:: You cannot culture mixed phyto. At least not for long. Nanno and Tet (most especially the former) will out-compete all other species and you will ultimately end up with a Nanno culture. This is a big problem when culturing multiple strains: avoiding cross-contamination.


    All-in-all I have no doubt that dosing phyto is highly beneficial to a tank system.
     
    Last edited: Jul 22, 2009
    BluewaterLa likes this.
  9. jlinzmaier

    jlinzmaier Active Member

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    Thanks for the replies!! Very helpful!

    Jeremy
     
  10. Norcalreefer

    Norcalreefer Active Member

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    Ok, I'm looking to start growing phyto and I'm wondingering what is the best phyto to grow if I'm only growing one type. I'm assuming that Nannochloropsis is the best for a beginner as I've read a few places that it's the most hearty type, but what would be the best food?. Are the others much harder to grow?
     
  11. cdness

    cdness 2006 - Present Team R2R R2R Supporter R2R Excellence Award Build Thread Contributor

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    I am very interested in this topic and will be following along for more information. I am trying to gather info on culturing in an attempt to start up in the fall...
     
  12. -Logzor

    -Logzor Valuable Member

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    1) What made you decide to culture and feed live phyto?

    Since it's so easy to start a culture, I figured I would try and see if it benefited my reef. A local club member donated the phyto.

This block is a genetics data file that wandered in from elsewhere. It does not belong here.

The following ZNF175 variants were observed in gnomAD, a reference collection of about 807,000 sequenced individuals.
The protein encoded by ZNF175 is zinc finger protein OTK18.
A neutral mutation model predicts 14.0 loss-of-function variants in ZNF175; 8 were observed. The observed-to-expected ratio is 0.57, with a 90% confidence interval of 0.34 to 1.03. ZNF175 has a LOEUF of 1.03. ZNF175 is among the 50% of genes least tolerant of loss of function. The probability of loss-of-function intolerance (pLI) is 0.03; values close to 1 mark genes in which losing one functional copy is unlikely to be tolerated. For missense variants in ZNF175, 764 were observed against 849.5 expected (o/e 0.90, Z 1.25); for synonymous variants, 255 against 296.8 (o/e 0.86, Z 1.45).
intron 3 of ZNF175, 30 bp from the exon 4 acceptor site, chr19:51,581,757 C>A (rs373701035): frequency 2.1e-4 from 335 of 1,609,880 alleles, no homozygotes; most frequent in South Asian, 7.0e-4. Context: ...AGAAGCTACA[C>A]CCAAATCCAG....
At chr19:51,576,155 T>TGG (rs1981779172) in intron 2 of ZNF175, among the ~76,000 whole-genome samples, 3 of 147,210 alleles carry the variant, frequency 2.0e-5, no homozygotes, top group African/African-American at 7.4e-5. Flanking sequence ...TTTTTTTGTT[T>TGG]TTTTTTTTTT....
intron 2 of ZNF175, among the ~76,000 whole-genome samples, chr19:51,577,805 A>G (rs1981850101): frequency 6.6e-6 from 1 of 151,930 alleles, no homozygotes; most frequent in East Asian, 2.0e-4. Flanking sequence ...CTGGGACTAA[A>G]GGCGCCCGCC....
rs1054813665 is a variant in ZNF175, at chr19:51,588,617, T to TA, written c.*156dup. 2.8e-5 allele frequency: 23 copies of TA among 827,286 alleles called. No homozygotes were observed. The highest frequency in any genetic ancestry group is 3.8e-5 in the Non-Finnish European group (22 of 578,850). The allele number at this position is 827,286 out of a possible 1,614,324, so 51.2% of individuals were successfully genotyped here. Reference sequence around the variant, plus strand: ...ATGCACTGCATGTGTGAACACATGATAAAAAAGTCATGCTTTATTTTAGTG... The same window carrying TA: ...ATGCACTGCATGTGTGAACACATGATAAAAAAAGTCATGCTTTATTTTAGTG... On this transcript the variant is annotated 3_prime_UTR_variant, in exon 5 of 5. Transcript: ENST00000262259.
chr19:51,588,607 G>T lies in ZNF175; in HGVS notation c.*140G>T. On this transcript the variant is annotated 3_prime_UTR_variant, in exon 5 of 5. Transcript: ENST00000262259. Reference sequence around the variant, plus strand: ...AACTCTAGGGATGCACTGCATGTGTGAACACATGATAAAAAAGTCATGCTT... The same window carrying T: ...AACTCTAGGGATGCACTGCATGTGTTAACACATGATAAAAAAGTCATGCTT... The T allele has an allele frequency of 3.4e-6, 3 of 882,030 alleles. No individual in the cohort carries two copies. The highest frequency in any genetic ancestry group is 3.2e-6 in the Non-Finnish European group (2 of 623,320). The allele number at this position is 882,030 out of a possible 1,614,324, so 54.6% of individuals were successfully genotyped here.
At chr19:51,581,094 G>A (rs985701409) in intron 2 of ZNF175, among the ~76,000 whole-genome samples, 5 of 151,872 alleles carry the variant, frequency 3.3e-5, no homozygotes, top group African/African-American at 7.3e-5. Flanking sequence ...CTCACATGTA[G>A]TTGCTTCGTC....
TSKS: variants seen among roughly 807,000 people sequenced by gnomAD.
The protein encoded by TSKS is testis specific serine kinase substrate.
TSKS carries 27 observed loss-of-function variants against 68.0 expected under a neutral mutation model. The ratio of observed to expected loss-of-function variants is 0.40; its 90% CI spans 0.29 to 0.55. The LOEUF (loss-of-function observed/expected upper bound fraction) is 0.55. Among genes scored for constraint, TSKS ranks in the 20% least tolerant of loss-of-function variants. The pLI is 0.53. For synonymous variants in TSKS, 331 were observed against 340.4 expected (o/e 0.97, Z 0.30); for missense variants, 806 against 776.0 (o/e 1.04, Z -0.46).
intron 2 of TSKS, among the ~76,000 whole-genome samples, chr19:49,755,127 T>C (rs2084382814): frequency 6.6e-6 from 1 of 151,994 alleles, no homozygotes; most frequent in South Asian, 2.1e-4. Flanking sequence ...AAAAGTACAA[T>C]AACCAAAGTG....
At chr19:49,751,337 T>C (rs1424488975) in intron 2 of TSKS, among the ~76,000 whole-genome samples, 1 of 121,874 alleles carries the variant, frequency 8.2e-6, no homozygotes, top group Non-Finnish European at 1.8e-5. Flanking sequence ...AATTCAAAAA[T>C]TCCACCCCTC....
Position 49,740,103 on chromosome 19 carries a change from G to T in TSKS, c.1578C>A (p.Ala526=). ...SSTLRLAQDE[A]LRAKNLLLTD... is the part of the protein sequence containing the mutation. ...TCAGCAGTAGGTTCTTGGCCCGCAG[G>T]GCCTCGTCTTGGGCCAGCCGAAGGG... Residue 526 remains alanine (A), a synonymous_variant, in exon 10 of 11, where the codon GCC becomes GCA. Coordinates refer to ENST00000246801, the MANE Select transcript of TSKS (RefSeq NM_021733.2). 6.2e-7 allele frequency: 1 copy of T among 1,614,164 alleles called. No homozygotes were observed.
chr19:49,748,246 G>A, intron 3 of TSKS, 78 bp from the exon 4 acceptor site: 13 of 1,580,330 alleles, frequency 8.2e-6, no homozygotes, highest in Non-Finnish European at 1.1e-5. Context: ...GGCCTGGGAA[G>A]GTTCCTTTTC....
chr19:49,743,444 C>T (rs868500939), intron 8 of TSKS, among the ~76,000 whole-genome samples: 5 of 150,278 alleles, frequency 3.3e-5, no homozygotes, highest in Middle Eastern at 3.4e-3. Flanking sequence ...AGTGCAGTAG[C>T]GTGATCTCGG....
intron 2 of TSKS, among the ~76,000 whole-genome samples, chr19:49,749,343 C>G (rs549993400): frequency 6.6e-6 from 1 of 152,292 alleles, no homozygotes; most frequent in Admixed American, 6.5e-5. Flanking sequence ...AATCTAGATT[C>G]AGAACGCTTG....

2) What species of phyto did you culture?

    Nanochloropsis

    3) General description of your culturing set up (including food for phyto, lighting, aeration, etc...)

    Four 1-Gallon jugs hooked up to a Whisper-100 Air Pump, Liquid Miracle Grow, Reef Breeders PAR 38 Red LED.

    4) Amount you fed/feed to your tank (with tank size).

    I feed 10-12 oz daily in a 150g Aquarium.

    5) What determined how much you should feed?

    I keep increasing to see the impact on my reef, at first I had blooms from the amount I dosed but that doesn't occur any longer. I plan on continuing to increase to see what happens.

    6) Any changes good or bad you saw when feeding live phyto.

    Good changes. My Chateo is growing again, it had been shrinking/dying. Since I run a bare bottom tank with a powerful skimmer keeping nutrients in the water column can be tricky. I believe it has benefited the overall health of the aquarium by sustaining higher nutrient levels. Beforehand I believe some of my corals were "starving". I'm not entirely sure what consumes the phyto but I think it's beneficial.

    It's cheap and easy to culture large amounts.
     
    Last edited: Jun 21, 2013